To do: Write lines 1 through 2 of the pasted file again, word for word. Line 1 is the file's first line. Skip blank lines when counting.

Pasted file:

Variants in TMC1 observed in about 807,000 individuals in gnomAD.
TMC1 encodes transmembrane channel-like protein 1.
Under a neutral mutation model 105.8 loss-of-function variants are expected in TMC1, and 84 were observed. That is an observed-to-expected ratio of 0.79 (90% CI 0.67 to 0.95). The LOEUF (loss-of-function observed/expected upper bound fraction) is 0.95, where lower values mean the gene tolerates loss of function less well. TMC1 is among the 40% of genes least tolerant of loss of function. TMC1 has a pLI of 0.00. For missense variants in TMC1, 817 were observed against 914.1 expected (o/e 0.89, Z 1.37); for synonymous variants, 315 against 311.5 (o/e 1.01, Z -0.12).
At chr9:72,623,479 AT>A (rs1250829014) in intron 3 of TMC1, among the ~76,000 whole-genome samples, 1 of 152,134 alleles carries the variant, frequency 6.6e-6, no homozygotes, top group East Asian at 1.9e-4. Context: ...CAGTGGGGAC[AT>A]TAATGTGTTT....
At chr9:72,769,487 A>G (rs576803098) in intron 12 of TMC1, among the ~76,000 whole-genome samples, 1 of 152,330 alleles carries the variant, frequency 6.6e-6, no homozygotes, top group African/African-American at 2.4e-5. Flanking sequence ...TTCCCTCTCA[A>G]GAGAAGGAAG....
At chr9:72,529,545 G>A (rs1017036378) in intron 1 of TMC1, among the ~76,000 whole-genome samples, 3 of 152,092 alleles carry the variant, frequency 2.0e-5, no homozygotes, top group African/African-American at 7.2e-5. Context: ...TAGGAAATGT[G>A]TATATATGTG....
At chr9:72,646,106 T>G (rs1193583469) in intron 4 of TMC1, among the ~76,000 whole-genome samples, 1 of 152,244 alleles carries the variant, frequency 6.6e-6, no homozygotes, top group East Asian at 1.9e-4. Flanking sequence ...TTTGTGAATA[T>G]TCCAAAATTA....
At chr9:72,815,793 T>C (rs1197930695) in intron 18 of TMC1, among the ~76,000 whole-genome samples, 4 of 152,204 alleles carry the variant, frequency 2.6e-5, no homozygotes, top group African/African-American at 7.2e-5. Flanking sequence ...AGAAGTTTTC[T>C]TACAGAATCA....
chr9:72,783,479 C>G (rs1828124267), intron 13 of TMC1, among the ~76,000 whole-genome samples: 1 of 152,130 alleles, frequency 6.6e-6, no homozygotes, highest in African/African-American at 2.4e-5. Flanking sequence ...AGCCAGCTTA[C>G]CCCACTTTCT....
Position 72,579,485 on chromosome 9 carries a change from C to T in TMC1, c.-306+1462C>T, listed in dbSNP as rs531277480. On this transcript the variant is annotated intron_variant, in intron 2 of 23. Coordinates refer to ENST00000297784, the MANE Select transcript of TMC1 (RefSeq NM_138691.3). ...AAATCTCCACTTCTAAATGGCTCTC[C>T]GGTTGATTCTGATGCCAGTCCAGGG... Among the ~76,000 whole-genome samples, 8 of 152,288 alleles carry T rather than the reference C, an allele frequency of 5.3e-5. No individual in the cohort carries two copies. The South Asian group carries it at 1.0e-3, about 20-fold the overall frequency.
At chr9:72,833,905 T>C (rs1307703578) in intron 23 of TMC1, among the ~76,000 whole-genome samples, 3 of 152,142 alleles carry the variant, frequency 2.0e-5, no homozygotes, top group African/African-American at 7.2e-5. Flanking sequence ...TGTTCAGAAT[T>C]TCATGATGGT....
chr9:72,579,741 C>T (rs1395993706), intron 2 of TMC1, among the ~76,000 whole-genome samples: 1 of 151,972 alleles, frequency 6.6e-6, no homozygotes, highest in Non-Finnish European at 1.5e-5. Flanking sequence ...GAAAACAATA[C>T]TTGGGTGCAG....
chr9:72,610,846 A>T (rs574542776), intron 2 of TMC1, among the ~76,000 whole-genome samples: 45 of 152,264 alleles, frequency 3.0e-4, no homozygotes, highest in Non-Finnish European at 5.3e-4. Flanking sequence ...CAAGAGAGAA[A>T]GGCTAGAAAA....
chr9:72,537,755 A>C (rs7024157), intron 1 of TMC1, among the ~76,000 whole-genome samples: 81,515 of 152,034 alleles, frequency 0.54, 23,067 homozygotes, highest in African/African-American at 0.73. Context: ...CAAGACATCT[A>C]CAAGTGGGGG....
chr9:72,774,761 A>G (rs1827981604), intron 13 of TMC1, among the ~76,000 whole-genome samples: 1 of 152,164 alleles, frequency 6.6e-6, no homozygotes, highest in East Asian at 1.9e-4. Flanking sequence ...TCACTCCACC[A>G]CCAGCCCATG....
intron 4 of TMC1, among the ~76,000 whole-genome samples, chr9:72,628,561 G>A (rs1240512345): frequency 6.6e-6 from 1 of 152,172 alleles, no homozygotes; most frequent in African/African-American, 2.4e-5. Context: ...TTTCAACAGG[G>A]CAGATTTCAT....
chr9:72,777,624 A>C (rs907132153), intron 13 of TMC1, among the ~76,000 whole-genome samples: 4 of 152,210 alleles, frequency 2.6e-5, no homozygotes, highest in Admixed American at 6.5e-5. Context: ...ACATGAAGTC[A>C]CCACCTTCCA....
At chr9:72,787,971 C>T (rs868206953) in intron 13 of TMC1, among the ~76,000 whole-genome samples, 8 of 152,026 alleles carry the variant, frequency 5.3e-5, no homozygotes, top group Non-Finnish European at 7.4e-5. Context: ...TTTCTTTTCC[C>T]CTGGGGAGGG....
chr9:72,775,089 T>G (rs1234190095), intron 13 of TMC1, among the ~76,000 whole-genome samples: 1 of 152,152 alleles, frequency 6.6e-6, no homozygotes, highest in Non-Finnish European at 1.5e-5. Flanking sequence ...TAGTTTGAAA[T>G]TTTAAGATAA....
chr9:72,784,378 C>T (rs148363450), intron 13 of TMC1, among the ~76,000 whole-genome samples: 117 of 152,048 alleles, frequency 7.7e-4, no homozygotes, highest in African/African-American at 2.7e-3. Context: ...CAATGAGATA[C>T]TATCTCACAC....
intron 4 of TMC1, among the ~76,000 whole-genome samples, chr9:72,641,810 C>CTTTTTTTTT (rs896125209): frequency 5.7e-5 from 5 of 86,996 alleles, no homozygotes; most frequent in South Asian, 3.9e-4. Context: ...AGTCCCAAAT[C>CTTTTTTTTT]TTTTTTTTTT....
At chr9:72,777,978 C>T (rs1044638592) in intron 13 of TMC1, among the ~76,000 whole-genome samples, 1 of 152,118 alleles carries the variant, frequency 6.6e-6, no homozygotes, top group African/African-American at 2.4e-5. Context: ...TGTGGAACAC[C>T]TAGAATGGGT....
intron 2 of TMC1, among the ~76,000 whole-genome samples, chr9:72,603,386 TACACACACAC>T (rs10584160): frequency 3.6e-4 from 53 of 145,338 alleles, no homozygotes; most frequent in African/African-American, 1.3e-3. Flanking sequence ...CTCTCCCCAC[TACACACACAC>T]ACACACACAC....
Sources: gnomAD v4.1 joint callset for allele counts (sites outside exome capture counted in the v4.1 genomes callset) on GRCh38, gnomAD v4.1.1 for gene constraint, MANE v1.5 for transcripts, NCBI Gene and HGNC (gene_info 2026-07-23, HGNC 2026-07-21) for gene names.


Variants in TMC1 observed in about 807,000 individuals in gnomAD.
TMC1 encodes transmembrane channel-like protein 1.